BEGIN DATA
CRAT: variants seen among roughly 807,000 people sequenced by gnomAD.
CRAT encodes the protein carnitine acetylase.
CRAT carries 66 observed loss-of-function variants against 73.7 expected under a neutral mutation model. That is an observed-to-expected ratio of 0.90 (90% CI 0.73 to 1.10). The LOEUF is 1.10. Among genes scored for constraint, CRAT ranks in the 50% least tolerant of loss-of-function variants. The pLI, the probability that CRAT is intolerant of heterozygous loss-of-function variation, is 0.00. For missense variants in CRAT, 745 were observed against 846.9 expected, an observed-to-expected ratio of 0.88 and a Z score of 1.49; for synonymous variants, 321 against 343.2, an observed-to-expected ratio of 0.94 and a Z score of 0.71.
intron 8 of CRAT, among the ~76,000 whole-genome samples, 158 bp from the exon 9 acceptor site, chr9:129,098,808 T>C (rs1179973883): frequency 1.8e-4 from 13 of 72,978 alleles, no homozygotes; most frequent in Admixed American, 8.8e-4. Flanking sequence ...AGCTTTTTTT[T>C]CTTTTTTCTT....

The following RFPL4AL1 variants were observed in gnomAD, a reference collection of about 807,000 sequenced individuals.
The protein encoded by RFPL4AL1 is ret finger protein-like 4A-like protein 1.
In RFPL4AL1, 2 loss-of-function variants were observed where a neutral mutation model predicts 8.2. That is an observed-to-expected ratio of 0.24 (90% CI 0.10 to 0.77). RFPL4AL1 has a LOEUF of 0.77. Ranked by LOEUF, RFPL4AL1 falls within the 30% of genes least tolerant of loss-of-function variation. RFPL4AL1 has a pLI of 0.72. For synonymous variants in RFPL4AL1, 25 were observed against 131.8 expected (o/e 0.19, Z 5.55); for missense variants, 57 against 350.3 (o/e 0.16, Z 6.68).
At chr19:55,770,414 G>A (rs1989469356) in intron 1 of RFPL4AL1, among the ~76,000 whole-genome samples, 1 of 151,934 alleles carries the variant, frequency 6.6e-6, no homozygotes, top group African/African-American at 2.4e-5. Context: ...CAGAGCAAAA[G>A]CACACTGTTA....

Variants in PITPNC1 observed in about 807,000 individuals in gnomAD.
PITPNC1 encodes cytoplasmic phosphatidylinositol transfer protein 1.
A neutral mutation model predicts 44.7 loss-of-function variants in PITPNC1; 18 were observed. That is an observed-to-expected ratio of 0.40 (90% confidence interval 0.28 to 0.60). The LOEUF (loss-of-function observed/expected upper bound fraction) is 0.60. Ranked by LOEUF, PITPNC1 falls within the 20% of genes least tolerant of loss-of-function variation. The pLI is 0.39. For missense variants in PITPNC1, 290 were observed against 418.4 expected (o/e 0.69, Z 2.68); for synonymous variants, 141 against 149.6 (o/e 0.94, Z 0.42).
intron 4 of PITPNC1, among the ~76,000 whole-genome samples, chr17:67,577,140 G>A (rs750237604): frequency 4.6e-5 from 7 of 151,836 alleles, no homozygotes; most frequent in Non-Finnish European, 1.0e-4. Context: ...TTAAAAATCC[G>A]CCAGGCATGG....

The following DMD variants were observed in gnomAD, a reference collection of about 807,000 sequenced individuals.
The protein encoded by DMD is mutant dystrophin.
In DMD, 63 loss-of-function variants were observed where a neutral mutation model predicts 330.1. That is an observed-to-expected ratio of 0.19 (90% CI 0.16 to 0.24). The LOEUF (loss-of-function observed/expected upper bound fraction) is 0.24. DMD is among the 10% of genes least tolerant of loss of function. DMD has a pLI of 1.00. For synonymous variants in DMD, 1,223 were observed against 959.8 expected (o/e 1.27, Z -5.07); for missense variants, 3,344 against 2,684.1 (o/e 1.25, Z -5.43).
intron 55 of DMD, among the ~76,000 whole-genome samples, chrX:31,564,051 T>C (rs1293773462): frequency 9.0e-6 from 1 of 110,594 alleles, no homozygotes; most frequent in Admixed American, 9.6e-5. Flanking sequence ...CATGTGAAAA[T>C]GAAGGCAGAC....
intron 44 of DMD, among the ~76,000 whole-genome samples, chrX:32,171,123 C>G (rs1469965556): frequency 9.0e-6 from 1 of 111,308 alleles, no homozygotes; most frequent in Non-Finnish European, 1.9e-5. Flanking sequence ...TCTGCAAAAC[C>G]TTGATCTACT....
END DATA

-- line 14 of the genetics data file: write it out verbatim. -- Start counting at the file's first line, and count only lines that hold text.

The protein encoded by DMD is mutant dystrophin.